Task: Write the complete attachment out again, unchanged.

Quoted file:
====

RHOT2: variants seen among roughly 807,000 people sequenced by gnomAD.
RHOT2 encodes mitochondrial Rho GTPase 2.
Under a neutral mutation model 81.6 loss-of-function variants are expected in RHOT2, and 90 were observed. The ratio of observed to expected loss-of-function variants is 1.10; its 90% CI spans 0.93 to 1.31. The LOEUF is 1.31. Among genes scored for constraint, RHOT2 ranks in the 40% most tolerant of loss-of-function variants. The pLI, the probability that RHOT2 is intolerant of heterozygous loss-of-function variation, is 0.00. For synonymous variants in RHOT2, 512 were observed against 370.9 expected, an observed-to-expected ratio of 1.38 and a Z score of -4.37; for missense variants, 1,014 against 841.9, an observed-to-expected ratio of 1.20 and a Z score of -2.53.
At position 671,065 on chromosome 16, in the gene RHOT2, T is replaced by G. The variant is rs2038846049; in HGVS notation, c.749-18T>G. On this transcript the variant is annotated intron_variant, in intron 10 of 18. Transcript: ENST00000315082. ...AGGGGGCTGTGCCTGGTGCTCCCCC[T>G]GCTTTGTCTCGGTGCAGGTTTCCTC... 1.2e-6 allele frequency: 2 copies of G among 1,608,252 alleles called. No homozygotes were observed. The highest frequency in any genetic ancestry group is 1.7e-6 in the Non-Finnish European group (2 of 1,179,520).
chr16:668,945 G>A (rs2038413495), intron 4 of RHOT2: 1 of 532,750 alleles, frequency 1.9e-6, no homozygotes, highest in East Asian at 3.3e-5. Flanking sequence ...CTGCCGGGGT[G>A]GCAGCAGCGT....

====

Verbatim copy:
RHOT2: variants seen among roughly 807,000 people sequenced by gnomAD.
RHOT2 encodes mitochondrial Rho GTPase 2.
Under a neutral mutation model 81.6 loss-of-function variants are expected in RHOT2, and 90 were observed. The ratio of observed to expected loss-of-function variants is 1.10; its 90% CI spans 0.93 to 1.31. The LOEUF is 1.31. Among genes scored for constraint, RHOT2 ranks in the 40% most tolerant of loss-of-function variants. The pLI, the probability that RHOT2 is intolerant of heterozygous loss-of-function variation, is 0.00. For synonymous variants in RHOT2, 512 were observed against 370.9 expected, an observed-to-expected ratio of 1.38 and a Z score of -4.37; for missense variants, 1,014 against 841.9, an observed-to-expected ratio of 1.20 and a Z score of -2.53.
At position 671,065 on chromosome 16, in the gene RHOT2, T is replaced by G. The variant is rs2038846049; in HGVS notation, c.749-18T>G. On this transcript the variant is annotated intron_variant, in intron 10 of 18. Transcript: ENST00000315082. ...AGGGGGCTGTGCCTGGTGCTCCCCC[T>G]GCTTTGTCTCGGTGCAGGTTTCCTC... 1.2e-6 allele frequency: 2 copies of G among 1,608,252 alleles called. No homozygotes were observed. The highest frequency in any genetic ancestry group is 1.7e-6 in the Non-Finnish European group (2 of 1,179,520).
chr16:668,945 G>A (rs2038413495), intron 4 of RHOT2: 1 of 532,750 alleles, frequency 1.9e-6, no homozygotes, highest in East Asian at 3.3e-5. Flanking sequence ...CTGCCGGGGT[G>A]GCAGCAGCGT....